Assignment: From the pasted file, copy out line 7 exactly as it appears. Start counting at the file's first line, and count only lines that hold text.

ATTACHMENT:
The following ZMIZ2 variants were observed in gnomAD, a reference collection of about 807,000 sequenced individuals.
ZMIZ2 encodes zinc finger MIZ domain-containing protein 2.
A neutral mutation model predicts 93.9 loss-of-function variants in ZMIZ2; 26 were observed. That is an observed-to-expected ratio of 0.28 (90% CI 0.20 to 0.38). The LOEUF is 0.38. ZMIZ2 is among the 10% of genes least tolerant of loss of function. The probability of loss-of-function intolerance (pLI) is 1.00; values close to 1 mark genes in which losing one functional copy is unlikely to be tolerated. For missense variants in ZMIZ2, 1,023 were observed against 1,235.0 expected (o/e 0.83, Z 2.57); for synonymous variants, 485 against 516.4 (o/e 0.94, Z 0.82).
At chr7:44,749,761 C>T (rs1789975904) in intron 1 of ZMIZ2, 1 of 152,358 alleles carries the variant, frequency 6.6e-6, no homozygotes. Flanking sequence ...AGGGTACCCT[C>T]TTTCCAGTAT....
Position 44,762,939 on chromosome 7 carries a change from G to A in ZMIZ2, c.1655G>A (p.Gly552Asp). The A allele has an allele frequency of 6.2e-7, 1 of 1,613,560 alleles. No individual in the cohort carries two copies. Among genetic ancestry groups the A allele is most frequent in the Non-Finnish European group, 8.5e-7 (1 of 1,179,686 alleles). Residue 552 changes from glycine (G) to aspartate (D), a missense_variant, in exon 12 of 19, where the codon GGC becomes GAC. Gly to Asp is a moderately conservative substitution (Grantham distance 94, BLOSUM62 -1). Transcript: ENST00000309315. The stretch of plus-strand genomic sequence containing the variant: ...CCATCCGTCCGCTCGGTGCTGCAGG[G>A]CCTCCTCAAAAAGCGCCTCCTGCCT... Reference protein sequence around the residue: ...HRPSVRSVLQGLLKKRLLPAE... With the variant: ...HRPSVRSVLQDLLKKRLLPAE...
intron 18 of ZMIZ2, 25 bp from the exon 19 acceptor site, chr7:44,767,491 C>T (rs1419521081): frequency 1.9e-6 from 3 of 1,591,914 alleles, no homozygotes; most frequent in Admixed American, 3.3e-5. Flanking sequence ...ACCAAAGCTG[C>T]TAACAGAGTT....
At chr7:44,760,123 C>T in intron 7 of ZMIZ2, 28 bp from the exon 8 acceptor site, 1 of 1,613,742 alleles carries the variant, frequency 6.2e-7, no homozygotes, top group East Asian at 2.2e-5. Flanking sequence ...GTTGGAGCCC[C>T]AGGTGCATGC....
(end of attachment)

At chr7:44,760,123 C>T in intron 7 of ZMIZ2, 28 bp from the exon 8 acceptor site, 1 of 1,613,742 alleles carries the variant, frequency 6.2e-7, no homozygotes, top group East Asian at 2.2e-5. Flanking sequence ...GTTGGAGCCC[C>T]AGGTGCATGC....